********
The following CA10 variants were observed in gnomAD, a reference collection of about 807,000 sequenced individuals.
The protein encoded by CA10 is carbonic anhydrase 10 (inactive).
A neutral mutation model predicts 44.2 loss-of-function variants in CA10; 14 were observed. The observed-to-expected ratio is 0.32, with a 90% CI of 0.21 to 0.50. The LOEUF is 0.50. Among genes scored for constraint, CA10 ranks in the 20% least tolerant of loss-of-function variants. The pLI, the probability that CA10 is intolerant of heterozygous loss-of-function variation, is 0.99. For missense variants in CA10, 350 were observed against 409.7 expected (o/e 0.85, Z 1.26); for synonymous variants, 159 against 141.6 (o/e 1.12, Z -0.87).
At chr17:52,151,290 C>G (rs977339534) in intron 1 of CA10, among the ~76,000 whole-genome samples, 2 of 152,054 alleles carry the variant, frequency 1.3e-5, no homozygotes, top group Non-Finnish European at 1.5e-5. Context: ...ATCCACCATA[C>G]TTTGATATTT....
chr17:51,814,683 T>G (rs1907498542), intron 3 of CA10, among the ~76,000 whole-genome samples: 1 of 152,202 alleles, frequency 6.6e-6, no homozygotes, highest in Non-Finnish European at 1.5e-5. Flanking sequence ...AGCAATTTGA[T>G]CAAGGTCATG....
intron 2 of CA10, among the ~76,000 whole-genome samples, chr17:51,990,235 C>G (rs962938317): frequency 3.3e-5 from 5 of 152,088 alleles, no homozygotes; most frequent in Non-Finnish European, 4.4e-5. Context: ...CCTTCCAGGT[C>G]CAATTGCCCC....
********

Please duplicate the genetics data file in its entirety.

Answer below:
The following CA10 variants were observed in gnomAD, a reference collection of about 807,000 sequenced individuals.
The protein encoded by CA10 is carbonic anhydrase 10 (inactive).
A neutral mutation model predicts 44.2 loss-of-function variants in CA10; 14 were observed. The observed-to-expected ratio is 0.32, with a 90% CI of 0.21 to 0.50. The LOEUF is 0.50. Among genes scored for constraint, CA10 ranks in the 20% least tolerant of loss-of-function variants. The pLI, the probability that CA10 is intolerant of heterozygous loss-of-function variation, is 0.99. For missense variants in CA10, 350 were observed against 409.7 expected (o/e 0.85, Z 1.26); for synonymous variants, 159 against 141.6 (o/e 1.12, Z -0.87).
At chr17:52,151,290 C>G (rs977339534) in intron 1 of CA10, among the ~76,000 whole-genome samples, 2 of 152,054 alleles carry the variant, frequency 1.3e-5, no homozygotes, top group Non-Finnish European at 1.5e-5. Context: ...ATCCACCATA[C>G]TTTGATATTT....
chr17:51,814,683 T>G (rs1907498542), intron 3 of CA10, among the ~76,000 whole-genome samples: 1 of 152,202 alleles, frequency 6.6e-6, no homozygotes, highest in Non-Finnish European at 1.5e-5. Flanking sequence ...AGCAATTTGA[T>G]CAAGGTCATG....
intron 2 of CA10, among the ~76,000 whole-genome samples, chr17:51,990,235 C>G (rs962938317): frequency 3.3e-5 from 5 of 152,088 alleles, no homozygotes; most frequent in Non-Finnish European, 4.4e-5. Context: ...CCTTCCAGGT[C>G]CAATTGCCCC....